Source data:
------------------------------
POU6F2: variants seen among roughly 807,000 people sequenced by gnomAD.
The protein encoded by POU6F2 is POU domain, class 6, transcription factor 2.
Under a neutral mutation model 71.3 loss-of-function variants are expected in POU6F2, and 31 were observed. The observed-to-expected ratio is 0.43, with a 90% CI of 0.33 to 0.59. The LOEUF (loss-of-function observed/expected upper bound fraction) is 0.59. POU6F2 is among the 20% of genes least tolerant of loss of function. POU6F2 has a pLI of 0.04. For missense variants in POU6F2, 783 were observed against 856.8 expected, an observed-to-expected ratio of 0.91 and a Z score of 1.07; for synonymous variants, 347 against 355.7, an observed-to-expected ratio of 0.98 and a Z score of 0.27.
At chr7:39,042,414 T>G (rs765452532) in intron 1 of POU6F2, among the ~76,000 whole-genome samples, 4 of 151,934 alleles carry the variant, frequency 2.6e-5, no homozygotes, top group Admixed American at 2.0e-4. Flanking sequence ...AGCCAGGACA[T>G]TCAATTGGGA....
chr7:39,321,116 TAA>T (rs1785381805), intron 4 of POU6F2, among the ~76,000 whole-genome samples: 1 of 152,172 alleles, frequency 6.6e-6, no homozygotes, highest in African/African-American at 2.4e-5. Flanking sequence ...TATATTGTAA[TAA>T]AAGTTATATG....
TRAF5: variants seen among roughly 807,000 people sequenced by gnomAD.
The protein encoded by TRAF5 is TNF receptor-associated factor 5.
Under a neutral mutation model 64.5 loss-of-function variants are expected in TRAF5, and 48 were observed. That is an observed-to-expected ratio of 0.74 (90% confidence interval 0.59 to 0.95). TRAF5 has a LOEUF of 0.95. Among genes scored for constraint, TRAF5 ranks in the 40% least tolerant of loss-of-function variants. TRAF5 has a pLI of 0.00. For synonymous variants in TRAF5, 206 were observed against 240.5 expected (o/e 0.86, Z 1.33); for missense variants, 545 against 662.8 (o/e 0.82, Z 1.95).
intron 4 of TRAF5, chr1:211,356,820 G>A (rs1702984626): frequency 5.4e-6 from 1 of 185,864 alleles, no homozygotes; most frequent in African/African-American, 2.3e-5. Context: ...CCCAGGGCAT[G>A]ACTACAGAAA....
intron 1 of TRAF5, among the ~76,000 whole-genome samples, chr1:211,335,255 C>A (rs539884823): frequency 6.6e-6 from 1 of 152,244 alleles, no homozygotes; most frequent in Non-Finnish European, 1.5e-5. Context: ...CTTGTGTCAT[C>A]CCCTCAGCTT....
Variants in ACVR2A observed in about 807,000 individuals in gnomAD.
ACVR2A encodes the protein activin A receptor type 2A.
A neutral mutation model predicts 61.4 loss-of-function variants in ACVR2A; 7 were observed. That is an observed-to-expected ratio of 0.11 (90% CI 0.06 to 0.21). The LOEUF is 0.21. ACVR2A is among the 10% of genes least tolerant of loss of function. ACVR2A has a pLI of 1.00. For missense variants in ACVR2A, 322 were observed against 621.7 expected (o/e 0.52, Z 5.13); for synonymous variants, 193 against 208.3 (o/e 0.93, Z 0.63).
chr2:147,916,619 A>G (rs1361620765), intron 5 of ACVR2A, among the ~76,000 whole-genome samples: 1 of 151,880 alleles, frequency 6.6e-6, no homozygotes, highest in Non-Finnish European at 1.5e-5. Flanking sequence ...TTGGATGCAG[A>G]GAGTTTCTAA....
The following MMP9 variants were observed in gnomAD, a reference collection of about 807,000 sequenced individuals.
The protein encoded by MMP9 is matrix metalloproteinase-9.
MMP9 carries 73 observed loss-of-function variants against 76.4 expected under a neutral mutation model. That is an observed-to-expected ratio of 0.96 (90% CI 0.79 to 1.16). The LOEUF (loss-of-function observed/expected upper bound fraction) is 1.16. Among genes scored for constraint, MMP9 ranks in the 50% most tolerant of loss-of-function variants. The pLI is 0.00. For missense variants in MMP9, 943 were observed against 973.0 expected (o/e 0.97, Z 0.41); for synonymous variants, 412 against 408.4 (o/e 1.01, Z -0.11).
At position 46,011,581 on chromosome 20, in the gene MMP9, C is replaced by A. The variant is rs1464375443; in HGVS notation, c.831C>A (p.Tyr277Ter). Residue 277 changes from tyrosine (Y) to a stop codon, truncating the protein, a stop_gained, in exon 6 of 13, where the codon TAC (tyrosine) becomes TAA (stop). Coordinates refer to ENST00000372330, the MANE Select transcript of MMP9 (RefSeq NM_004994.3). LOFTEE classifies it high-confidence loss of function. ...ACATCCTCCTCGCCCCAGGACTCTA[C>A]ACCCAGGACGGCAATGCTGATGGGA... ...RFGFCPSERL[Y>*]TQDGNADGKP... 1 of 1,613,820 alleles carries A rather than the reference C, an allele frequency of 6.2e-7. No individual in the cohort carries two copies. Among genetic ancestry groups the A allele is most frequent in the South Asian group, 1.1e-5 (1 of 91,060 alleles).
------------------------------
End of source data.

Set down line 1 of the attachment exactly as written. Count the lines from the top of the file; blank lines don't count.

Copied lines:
POU6F2: variants seen among roughly 807,000 people sequenced by gnomAD.